Written by Gabriella Blake
Imagine this. You’ve got a train to catch. You’re on the platform. You see your train approaching in the distance. It comes zooming by, so on you leap and you breathe a sigh of relief that you’re going to get there on time. You amble down the carriage in search of a seat and as you glance out the window you catch a glimpse of the platform whizzing away in the opposite direction.
This is the vision of Priestmangoode, the London-based design group behind the concept they dub ‘Moving Platforms’. Paul Priestman, director of the company, advocates that train journey lengths are far greater than they should be, and attributes the necessity to stop as the cause of their time-consuming nature. “The problem is we're trying to run a 21st century service on a 19th century infrastructure," he suggests. "I think that stations are completely out of date. With the modern trains that we're building now, having to have them stop at stations is ridiculous. The railway system is almost like the telecommunications system before the internetarrived.”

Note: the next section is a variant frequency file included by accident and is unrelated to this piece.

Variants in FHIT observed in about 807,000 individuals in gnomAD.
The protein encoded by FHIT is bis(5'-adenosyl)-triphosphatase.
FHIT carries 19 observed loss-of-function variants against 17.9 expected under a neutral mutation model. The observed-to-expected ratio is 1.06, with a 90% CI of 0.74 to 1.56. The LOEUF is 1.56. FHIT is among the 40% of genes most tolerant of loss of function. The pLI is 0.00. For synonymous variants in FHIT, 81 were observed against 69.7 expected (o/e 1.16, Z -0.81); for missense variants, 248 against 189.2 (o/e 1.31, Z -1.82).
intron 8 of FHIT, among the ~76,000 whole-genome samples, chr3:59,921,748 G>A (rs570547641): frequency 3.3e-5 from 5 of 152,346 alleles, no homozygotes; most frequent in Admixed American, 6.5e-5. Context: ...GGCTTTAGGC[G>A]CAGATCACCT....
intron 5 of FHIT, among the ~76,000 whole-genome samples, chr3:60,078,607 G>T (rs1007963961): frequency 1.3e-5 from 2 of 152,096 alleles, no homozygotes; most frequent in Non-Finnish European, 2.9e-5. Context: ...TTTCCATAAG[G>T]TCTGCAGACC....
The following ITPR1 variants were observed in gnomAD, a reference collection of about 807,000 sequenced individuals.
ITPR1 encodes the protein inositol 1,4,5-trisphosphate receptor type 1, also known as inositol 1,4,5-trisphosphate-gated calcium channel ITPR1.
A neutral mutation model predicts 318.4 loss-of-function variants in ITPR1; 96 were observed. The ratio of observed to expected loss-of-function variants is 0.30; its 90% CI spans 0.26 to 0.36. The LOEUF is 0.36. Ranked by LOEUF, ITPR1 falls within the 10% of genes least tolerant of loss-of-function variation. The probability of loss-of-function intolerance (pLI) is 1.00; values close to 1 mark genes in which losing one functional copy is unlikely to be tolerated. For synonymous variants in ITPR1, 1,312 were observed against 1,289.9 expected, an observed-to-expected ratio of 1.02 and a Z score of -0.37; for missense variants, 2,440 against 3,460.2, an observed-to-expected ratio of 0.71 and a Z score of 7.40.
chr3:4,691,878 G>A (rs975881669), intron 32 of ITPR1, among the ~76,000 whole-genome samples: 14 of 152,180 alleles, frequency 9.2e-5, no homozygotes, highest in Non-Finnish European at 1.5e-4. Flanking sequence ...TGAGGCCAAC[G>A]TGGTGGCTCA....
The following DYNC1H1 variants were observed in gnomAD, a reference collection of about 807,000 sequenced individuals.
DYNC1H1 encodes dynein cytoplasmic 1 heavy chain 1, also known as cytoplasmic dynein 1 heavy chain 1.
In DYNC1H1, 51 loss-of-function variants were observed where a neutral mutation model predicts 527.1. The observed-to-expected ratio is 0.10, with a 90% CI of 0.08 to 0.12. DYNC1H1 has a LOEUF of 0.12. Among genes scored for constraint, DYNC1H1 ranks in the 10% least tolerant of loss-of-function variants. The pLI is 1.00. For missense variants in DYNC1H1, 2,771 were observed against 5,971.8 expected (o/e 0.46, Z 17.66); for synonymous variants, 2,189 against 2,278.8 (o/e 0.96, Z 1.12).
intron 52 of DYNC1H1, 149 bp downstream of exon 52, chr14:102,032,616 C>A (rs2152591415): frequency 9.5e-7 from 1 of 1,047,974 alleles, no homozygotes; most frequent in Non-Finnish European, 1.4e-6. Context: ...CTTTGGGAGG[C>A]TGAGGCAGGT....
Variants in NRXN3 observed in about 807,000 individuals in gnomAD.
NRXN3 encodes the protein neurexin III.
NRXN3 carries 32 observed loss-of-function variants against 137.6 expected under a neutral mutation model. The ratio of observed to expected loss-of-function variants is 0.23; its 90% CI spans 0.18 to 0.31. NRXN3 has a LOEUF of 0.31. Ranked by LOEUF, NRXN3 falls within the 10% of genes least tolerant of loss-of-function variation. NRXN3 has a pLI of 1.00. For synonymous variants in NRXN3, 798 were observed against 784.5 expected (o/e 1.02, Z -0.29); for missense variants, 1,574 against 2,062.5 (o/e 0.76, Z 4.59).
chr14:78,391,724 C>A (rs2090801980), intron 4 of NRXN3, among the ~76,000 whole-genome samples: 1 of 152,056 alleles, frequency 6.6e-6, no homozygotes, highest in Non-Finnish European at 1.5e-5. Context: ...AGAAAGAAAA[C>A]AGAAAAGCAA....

The idea is that a local tram-like vehicle would act as a mobile train platform, running on a track alongside the high-speed train, picking up and dropping off passengers. The moving platform would allow the high-speed train to continue racing along the rail line without the added journey time created by stopping, waiting and restarting.
How efficient would this system really be, though? And would people take to it?
Yes, it would quite significantly cut down on journey times, and any commuter can raise a smile at that prospect. However, the environmental impact would be devastating. We all have a responsibility to bear, whether we acknowledge that or not, and double the trains of course means double the carbon emissions.
Add to this the fact that, because there would be public uproar if the current rail system was completely shut down and Moving Platforms was made the only option, gradually introducing people to this revolution in transportation would require an additional rather than replacement rail network.
You only have to take a look at your local supermarket to see how reluctant people are to change: rather than use the instantly available self-service tills, many people would prefer to join a long queue and purchase their shopping that way – every week refusing to experiment with the new system.
I suspect they would be even less keen to get out of the mindset that when the train is moving, the door should be closed. No matter how many safety measures are put into place, many people would be terrified they might “miss the window” – or should that be door?
Although Moving Platforms is an interesting idea, it is perhaps more fitting for sci-fi movies than for everyday life.